He and his right-wing coalition show every sign of wanting to use their brutal war in Gaza to kill any chance of a Palestinian state. So I wrote a resolution recommitting the church and our policy experts in Washington to the two-state solution and saying that by effectively blocking a Palestinian state, Israel’s government was pursuing an apartheid policy, which is to say depriving an ethnic minority of self-determination and the franchise. It also called on the church to lobby for sanctions against countries that help Hamas and Hezbollah.

The convention committee on which I sat sent the resolution, D013, to the House of Bishops, which removed the reference to apartheid. When the House of Deputies restored it, a U.S. Congress-like conference committee was put to work — the first time, Presiding Bishop-elect Sean Rowe told us, since 2015. The deputies’ members were Canon Castellan, the Rev. Linda Spiers, Janet Day-Strehlow, Dianne Smith, and Tom Little. The bishops were Peter Eaton, Sally French, Dan Guitierrez, and I.

The photo shows the committee minus Bishop French. On Thursday evening, we turned a quiet room in the convention center into a sausage factory. The deputies knew a majority wanted to say apartheid. We bishops knew a majority would not. And yet we wanted our unified church to speak a comforting word to Jerusalem and especially Archbishop Hosam Naoum رئيس الأساقفة حسام نعوم and all our sisters, brothers, and siblings in The Episcopal Diocese of Jerusalem.
That afternoon, bishops had spent nearly an hour talking about the conflict. Those reporting back from their tables suggesting lowering our voices, owning the United States’ role in crimes against indigenous peoples, and finding words that described rather than just accused. Above all, we wanted to remain in constructive and loving relationship with all our neighbors — local and international, Israelis and Palestinians, progressives, conservatives, and even, like me, mushy moderates, as my old boss Mr. Nixon liked to say.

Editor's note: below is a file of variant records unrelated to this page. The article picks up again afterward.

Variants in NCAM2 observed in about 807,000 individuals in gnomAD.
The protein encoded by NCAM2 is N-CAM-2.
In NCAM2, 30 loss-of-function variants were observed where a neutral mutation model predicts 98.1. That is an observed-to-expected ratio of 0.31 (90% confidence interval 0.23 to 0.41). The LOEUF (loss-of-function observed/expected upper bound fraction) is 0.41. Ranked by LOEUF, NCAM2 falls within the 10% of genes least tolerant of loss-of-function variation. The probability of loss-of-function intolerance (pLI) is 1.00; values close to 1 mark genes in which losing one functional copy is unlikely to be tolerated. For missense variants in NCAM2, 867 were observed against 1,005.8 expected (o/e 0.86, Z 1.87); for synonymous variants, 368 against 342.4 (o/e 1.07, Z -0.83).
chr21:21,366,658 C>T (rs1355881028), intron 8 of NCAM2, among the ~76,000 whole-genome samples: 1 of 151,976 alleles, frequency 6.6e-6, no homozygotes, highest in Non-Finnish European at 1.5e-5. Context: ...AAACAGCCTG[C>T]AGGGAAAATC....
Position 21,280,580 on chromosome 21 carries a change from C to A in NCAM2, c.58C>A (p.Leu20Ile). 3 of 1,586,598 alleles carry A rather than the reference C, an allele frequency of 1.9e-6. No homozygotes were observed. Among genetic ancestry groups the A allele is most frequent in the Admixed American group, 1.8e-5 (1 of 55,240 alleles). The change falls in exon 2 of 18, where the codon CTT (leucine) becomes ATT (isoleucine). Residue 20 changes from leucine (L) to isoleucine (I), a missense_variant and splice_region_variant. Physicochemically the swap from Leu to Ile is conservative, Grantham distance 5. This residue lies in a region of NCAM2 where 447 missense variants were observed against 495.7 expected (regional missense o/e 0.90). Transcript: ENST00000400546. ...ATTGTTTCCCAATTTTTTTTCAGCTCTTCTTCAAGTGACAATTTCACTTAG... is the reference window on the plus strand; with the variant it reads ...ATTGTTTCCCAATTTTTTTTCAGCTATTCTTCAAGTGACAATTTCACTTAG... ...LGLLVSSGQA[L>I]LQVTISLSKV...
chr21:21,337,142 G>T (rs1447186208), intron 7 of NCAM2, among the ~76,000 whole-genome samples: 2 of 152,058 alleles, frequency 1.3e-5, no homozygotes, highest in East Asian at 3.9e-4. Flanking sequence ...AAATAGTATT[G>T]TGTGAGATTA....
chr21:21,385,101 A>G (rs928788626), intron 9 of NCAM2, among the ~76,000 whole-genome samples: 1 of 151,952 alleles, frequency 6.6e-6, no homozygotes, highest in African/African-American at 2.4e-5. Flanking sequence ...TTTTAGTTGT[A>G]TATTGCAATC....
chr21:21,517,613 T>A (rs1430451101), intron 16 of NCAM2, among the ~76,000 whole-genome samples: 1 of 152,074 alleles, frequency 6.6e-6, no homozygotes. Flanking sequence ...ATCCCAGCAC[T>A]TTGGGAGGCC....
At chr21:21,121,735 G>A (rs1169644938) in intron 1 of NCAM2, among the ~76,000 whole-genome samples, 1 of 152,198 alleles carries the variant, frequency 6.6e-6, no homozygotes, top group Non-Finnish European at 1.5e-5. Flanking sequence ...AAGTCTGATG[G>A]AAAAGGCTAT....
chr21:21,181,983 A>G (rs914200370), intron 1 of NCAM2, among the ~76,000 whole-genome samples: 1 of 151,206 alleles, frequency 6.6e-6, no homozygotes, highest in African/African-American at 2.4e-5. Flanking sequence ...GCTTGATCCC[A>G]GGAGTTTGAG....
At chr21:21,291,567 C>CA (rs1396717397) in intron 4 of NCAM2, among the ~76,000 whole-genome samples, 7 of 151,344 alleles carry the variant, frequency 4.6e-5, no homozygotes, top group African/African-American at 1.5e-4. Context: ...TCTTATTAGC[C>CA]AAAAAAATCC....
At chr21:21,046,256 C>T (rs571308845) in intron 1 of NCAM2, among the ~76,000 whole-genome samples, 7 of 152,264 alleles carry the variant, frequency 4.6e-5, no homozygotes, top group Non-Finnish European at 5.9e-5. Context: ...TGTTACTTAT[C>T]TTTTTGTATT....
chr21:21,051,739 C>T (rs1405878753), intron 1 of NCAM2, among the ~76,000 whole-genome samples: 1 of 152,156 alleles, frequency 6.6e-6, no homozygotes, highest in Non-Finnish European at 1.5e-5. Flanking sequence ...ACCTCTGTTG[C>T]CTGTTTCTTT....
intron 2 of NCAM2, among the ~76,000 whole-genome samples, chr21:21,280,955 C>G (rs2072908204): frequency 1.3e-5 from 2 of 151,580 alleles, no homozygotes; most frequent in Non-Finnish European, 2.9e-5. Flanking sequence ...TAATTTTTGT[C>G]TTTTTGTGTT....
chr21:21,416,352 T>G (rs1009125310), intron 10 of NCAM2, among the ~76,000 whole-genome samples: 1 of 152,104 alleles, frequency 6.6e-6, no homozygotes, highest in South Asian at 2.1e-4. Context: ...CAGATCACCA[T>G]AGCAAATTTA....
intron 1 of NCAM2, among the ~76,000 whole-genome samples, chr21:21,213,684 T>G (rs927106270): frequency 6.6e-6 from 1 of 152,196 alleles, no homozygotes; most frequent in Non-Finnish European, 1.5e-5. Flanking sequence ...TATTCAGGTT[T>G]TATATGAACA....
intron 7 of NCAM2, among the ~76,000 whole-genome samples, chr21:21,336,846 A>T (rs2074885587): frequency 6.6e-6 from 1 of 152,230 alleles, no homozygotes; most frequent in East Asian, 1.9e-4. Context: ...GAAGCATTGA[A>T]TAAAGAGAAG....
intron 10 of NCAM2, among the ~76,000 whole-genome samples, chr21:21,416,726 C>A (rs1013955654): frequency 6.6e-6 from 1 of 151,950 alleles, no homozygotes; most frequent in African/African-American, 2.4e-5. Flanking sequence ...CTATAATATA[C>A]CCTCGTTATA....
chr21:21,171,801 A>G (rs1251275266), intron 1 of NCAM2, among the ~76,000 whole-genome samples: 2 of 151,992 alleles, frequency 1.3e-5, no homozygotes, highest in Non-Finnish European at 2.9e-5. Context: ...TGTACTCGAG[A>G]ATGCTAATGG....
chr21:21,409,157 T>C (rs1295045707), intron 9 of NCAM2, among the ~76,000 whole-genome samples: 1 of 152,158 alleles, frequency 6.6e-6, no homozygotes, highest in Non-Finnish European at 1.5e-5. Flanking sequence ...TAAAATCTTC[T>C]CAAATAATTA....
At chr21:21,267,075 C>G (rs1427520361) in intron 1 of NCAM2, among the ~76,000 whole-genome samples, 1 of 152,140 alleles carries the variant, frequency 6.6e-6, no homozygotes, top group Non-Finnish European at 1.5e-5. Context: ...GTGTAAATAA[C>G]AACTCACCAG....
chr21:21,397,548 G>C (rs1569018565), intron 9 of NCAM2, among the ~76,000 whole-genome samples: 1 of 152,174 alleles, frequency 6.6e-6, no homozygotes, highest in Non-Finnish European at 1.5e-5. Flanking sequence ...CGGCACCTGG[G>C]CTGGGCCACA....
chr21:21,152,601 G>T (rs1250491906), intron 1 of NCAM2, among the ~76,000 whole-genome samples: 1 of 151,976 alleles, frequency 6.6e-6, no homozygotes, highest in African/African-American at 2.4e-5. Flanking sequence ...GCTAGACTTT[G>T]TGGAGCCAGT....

In that spirit, Pathways for Peace had suggested we say that Israel engages in acts of fragmentation, segregation, and dispossession against Palestinians. And that is what apartheid is. The deputies on the committee agreed to take the language back to their house — along with one more vital passage. Although the deputies could not have heard the afternoon conversation in the House of Bishops, the Holy Spirit nevertheless did her amazing work. Deputy Little, a former state legislator who helped bring about marriage equity in Vermont, had written an apt passage in which convention would repent of using divisive language and resolve to find language that united us.

D013 passed both houses on Friday, You can read it here. It says that Episcopalians are all in for a Palestinian State and Jewish State, which everyone at the moment says is impossible — like the end of the Soviet Union was impossible, or peace in Northern Ireland. As Bishop Eaton is fond of saying, and he knows Israel and Palestine better than most, we are not experts in such things. But we are experts at praying, making friends, and, at our best, modeling healing community across difference. And remember: In Christ, all things are possible — even peace in Bethlehem.